Three Concepts to Buzz About
A summary of selected presentations on innovative products and procedures shared during this year’s meetings.
Introducing … the Squeezer
By Karen Roman, Editor-in-Chief
At a session titled RetinaTech: Where Surgery Meets Technology during this year’s Euretina meeting in Copenhagen, Denmark, Claus Eckardt, MD, took the podium to discuss a new device for the intraoperative injection of dyes and perflurocarbon liquid (PFCL).
Dr. Eckardt began his talk by pointing out that the vast majority of surgical instruments are held using what he called the pencil grip, which in his opinion guarantees the best control of an instrument. He noted that even intraocular injections are often carried out using the pencil grip, which requires the surgeon to use his or her other hand to push down the plunger. Alternatively, he said, syringes can be held between the first two fingers to allow the thumb of the same hand to push down the plunger, although the length of the insulin syringe usually makes it difficult to stabilize the injecting hand against the patient’s head.
Unfortunately, Dr. Eckardt continued, when staining agents are injected during vitreoretinal surgery, surgeons have to use this unsteady syringe grip because their other hand is normally busy with the light pipe, backflush needle, or another instrument. Furthermore, he said, the syringe grip can be risky when used in patients with small pupils because the grip makes it hard to guide the needle close to the retina.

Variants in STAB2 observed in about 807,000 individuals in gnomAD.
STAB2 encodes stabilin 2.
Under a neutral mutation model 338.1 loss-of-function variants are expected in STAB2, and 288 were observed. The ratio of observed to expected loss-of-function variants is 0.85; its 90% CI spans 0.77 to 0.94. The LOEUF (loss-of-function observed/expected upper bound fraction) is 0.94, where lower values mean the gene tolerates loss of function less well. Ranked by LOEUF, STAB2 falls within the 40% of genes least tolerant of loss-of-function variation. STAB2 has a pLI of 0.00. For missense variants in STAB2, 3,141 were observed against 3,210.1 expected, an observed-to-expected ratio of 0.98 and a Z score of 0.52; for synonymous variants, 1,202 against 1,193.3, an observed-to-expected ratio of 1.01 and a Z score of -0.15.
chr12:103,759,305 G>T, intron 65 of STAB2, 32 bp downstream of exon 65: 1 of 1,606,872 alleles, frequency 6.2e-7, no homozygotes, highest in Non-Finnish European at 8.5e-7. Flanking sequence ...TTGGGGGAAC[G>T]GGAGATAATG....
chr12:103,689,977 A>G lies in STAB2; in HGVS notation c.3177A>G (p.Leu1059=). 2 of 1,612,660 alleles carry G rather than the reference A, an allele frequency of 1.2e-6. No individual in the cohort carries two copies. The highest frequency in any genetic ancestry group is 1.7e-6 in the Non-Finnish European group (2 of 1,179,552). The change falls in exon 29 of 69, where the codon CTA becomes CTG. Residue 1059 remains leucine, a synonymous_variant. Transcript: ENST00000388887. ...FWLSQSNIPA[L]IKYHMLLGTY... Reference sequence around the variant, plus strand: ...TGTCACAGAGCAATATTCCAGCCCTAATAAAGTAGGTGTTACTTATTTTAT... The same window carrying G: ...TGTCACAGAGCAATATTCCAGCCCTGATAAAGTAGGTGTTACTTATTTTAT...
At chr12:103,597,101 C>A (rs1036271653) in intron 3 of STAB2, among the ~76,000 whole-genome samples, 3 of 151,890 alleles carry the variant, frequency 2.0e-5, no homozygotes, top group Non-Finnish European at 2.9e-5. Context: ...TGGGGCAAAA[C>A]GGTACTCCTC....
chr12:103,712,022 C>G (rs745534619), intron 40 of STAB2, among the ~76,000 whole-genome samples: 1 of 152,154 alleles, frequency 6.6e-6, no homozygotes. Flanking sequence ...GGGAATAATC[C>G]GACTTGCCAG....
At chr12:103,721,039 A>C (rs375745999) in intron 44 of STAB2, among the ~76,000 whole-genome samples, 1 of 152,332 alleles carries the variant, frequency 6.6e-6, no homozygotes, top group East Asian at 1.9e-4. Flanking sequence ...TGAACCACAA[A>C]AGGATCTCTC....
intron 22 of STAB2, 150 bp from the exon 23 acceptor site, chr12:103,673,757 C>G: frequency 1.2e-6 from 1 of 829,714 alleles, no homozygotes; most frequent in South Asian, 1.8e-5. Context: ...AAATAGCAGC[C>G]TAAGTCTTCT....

THE DYE SQUEEZER
To address these and other issues, Dr. Eckardt developed a tool that he calls the squeezer to allow retina surgeons to perform injections with one hand using the preferred pencil grip. The squeezer consists of a silicone tube within a plastic frame. “Loading the squeezer with dye takes a few seconds, and it can be prepared by a nurse,” he said. Once the device is loaded, injection is performed by simply squeezing the silicone tube between the thumb and forefinger. At this point in his talk, he showed a video demonstrating how the squeezer allows perfect control over the timing, speed, and amount of dye injected. “Because it is given in such a controlled fashion, you actually use much less dye,” Dr. Eckardt noted. With the dye squeezer, surgeons can get close to the retina and suspected remnants of vitreous. The tool can be used with cannulas of all sizes: 23, 25, and 27 gauges.
THE PFCL SQUEEZER
According to Dr. Eckardt, another good indication for a squeezer is for the injection of PFCL. Because the volume of PFCL typically injected is much more than that of dyes, a squeezer with a longer tube had to be designed. Whereas the dye squeezer has a 1 cc capacity, the PFCL squeezer can hold up to 5 cc. Dr. Eckardt explained that the filling procedure is the same as that for the dye squeezer, and it can also be performed by a nurse. The surgeon receives the PFCL squeezer from the nurse just as he or she would most other vitreoretinal instruments. This is instead of holding the PFCL syringe with a pencil grip and potentially encountering difficulties inserting the cannula into the trocar or creating bubbles by not going close enough to the retina. Using the squeezer, he said, it is easy to guide the cannula into the trocar and to get close enough to the retina to inject a single bubble.
Each squeeze of the PFCL squeezer releases approximately 1 cc, Dr. Eckardt noted. In an emmetropic eye, for example, one would need to squeeze three to four times to fill the eye to equator. He has compared the time needed to inject 4 cc using a typical syringe with that of using the squeezer, and he stated that the syringe was only a few seconds faster than the squeezer.